“Everybody wakes up every day to create a better experience for students”: State of Student Address tackles housing, food services and more

“Everybody wakes up every day to create a better experience for students”: State of Student Address tackles housing, food services and more

Josie Anderson, Managing Editor

UM-Flint leadership addressed student concerns in the Kiva last Tuesday, Nov. 9.

Student Government director of student relations Jack Griswold opened the event, introducing and recognizing Dean of Students Julie Snyder, Vice-Chancellor Christopher Giordano and UM-Flint Chancellor Deba Dutta before Student Government vice-president and event MC Amena Shukairy opened the event and welcomed UM-Flint Chancellor Deba Dutta to the floor. 

Dutta spoke briefly about the importance of a partnership with Student Government when it comes to institutional priorities. As an organization, the university has three simple things to think about: growing enrollment, investing in people and programs, and focusing on innovation. 

“We need to remind ourselves that at the end of every decision there is a student,” Dutta said. “The students are … why the university exists.”

Dutta was followed by Student Government president Levi Todd, who spoke about the Go Blue Guarantee, diversity in Student Government and equity before the floor was opened to questions and concerns.

One issue that came up repeatedly was housing and accommodations on campus. One senior, Nick, a psychology major and sociology minor, voiced his concerns that Wolverine Homecoming failed to address student needs. 

Nick cited housing, financial and food insecurities, as well as lacking accommodations for international students and food services that aren’t open on weekends as issues the campus is facing, questioning what homecoming was able to accomplish. “I felt like having a parade and having a dance as well wasn’t addressing any of those needs,” he said.

Todd stated that one of the reasons Wolverine Homecoming was brought to campus was in response to students’ desire for traditions, school pride and community involvement. “After receiving that feedback … we saw it in the best interest that we should bring our homecoming to the Flint campus,” Todd said. 

Shukairy noted that senators are already working on some of these issues as a part of their caucus. Todd encouraged students to present issues they would like Student Government to take up this year to Student Government either by email, through concerns boxes, or at their office.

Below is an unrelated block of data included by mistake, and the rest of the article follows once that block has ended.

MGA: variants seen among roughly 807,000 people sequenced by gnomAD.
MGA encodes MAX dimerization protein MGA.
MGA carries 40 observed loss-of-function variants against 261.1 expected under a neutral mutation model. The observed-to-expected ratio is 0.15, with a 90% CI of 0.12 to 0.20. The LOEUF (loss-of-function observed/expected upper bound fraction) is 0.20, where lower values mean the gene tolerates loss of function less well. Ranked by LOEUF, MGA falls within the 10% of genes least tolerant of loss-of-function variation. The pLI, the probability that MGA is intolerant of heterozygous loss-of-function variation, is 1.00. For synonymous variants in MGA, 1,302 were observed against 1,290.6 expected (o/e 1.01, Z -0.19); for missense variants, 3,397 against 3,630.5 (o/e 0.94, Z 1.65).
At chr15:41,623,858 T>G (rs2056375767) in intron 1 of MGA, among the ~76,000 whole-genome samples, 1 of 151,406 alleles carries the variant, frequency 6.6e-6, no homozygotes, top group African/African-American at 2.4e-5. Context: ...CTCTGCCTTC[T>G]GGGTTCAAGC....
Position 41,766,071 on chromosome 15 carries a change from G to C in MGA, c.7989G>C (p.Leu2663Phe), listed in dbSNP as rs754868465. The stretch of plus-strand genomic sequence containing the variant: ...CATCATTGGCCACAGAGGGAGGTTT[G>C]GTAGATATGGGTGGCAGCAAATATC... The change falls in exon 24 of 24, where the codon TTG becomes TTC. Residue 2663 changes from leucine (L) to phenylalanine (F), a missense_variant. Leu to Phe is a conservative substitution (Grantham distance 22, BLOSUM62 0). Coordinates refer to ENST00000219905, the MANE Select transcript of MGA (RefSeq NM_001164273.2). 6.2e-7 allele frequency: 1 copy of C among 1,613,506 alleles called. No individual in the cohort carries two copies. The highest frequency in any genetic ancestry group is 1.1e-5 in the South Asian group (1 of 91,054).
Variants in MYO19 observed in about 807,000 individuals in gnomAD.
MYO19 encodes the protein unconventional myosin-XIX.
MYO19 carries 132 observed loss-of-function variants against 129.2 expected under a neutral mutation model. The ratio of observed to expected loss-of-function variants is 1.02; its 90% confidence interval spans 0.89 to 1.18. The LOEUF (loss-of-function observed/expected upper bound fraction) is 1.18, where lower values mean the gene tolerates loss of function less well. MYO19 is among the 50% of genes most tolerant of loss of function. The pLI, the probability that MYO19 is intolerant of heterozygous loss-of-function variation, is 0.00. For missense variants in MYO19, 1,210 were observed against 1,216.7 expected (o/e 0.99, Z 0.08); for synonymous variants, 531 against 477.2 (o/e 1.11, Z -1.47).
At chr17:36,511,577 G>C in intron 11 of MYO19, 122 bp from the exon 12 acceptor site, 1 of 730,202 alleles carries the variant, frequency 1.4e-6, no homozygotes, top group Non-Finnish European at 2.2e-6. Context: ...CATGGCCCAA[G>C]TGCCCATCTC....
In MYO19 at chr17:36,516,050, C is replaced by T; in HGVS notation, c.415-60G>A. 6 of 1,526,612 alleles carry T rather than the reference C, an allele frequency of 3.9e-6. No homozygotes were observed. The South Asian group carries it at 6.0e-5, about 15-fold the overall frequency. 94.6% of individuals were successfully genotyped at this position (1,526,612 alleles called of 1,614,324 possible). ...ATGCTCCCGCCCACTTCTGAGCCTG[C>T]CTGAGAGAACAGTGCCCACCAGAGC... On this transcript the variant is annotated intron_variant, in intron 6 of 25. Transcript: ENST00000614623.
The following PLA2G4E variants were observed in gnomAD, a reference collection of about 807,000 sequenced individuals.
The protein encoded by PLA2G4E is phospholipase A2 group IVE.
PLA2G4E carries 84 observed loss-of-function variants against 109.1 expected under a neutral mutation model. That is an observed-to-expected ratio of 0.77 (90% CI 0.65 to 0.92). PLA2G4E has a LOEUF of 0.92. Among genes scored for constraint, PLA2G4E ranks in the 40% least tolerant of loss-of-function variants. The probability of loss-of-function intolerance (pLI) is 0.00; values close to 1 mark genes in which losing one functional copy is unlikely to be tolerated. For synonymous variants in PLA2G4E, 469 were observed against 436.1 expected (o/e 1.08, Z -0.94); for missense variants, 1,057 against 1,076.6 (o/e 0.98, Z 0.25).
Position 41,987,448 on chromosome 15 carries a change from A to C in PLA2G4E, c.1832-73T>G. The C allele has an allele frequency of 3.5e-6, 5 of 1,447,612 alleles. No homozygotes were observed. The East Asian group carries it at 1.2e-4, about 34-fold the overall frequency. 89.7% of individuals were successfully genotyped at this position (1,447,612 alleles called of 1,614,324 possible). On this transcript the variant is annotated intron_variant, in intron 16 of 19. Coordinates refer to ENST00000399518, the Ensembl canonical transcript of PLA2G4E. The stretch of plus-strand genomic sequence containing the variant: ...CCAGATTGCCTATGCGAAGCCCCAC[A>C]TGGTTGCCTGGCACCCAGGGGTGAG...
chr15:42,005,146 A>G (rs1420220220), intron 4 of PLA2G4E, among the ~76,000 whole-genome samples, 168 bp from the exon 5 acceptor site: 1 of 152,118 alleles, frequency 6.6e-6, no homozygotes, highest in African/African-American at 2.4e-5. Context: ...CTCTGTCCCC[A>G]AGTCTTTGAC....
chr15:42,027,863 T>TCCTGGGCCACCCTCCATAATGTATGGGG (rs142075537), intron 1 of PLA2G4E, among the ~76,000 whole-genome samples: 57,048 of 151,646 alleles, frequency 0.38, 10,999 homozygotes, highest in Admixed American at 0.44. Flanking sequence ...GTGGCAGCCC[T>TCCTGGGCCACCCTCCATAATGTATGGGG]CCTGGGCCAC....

As the voice of the students, Student Government members want to know what concerns students have. “That is the reason we’re holding this forum today,” he said.

Other students also expressed concern over housing issues. One said she felt there was a lapse of communication in housing after a lack of response when reaching out for help. Another said she  was not able to receive proper accommodations after a surgery. 

Issues like these are some of what Student Government senator Jacquindre Brown hopes to tackle with his caucus, which centers around housing. “We’re working on it,” he said, “and we’re trying to do it soon.”

Another student brought up the issue of menstrual hygiene products in university bathrooms. “One of the main platforms that this Student Government ran on is inclusivity,” she said. “Currently, menstrual hygiene products are only available in women’s bathrooms.” She asked if there could be a way to expand this service into all campus bathrooms to benefit transgender and nonbinary students. 

Snyder replied that she, along with Dr. Luke and Samara Howell, would be meeting at 8:00 a.m. on Wednesday, Nov. 10th with Facilities and Operations to explore the topic so services can be offered in a safe way before presenting a plan to Student Government for support. 

Communication and mental health also came up throughout the night. Senior Lydia Powell asked about the disconnect she feels on campus. “There is a huge gap between students, faculty and staff,” she said. “What kind of efforts would be put forth to build that bridge?”

Snyder agreed that the pandemic has made things different. In answer, she proposed a question of what students would like to see to help bridge that gap and advised that the concerns be brought before the Faculty Council and Staff Council to help address the issue.

Lastly, Giordano addressed the issue of mental health and student wellbeing. “This is a priority,” he said. While facing added difficulties from the pandemic, campus staff has been working to restructure and provide better support for students. 

Giordano gave a reminder that legal services and telehealth are now available to students, and other partnerships through the Recreation Center, Counseling and Psychological Services, and disability services. A partnership with UM-Ann Arbor will soon be brought to campus, allowing Flint students to access resources there.

Disability services are also continuing to grow. In response to a question about the possibility of the university’s disability department expanding, with mentions of a lack of staff and high response times, Giordano said that department capacity changes to match student needs. 

“Currently, we have … about 160 registered students through that office. So, as those needs continue to increase then we look at the support and staff structure to see how we can continue to build that capacity.”

“Everybody wakes up every day to create a better experience for students,” Giordano said. “And that’s part of what we did today.”Student Government can be contacted with further questions, comments, and concerns by email at [email protected], in-person at the Student Government office, or online via social media.